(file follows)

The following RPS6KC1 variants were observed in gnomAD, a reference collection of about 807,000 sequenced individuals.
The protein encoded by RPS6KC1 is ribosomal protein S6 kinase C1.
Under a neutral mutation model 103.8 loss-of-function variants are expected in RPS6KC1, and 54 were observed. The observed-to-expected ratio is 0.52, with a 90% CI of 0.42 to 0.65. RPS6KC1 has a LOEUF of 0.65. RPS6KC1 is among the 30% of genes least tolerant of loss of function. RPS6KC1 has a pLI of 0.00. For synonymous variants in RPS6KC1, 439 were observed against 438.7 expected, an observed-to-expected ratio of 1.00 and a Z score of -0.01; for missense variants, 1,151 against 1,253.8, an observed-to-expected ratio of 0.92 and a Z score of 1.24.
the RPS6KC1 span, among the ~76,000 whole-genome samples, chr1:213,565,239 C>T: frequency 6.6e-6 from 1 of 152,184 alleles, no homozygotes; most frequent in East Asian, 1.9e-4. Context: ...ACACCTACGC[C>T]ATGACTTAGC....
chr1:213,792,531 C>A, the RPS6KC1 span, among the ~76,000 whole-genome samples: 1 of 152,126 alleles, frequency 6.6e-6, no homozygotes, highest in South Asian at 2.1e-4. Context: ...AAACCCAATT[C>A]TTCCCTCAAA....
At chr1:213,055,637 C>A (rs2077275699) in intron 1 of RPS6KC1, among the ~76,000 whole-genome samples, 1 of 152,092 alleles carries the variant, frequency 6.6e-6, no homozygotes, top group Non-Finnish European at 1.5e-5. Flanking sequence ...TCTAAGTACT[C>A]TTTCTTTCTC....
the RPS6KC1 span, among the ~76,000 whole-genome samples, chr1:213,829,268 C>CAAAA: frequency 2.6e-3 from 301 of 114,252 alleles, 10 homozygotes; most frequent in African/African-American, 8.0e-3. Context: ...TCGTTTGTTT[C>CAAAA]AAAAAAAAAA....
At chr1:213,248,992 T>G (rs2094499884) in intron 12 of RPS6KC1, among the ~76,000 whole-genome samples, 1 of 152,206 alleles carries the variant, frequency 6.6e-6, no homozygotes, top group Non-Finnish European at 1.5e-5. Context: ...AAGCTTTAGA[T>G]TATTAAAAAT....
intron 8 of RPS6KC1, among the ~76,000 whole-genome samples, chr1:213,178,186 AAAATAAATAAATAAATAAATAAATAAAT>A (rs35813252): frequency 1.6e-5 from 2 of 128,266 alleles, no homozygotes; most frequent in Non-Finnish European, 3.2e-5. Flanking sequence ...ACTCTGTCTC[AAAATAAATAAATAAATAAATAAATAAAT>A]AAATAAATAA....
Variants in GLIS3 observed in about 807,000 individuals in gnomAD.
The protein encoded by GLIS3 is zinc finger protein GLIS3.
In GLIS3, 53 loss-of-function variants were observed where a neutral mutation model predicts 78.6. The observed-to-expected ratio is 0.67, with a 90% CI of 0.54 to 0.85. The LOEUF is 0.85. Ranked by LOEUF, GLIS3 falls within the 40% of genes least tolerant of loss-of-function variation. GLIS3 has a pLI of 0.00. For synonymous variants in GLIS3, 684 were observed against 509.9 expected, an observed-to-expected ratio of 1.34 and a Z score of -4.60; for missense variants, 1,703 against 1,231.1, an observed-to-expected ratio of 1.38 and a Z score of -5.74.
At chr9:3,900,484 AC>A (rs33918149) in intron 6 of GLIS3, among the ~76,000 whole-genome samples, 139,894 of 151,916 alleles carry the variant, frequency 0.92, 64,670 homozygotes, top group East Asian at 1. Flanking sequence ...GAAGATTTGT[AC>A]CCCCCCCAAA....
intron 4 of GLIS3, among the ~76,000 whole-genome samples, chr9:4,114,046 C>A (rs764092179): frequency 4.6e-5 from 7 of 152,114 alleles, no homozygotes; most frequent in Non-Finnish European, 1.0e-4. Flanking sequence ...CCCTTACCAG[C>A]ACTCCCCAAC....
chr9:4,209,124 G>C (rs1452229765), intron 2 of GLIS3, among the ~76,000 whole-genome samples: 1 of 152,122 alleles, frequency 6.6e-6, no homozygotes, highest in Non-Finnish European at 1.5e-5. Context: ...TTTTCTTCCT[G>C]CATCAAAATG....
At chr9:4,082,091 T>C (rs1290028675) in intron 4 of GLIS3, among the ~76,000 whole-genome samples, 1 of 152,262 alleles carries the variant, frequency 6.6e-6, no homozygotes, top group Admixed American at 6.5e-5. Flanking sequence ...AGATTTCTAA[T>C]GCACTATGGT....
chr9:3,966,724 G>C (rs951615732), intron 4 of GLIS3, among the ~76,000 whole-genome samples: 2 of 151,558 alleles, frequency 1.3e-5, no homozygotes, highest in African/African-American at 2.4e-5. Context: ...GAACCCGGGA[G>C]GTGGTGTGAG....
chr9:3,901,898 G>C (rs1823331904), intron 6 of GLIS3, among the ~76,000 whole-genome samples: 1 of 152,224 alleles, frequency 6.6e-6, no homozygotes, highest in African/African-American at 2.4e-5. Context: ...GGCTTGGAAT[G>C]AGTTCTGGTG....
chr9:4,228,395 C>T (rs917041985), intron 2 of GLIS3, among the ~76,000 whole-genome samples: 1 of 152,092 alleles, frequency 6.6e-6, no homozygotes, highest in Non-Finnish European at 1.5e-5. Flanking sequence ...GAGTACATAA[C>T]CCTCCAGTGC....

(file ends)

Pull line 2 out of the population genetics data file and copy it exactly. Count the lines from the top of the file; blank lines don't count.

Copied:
The protein encoded by RPS6KC1 is ribosomal protein S6 kinase C1.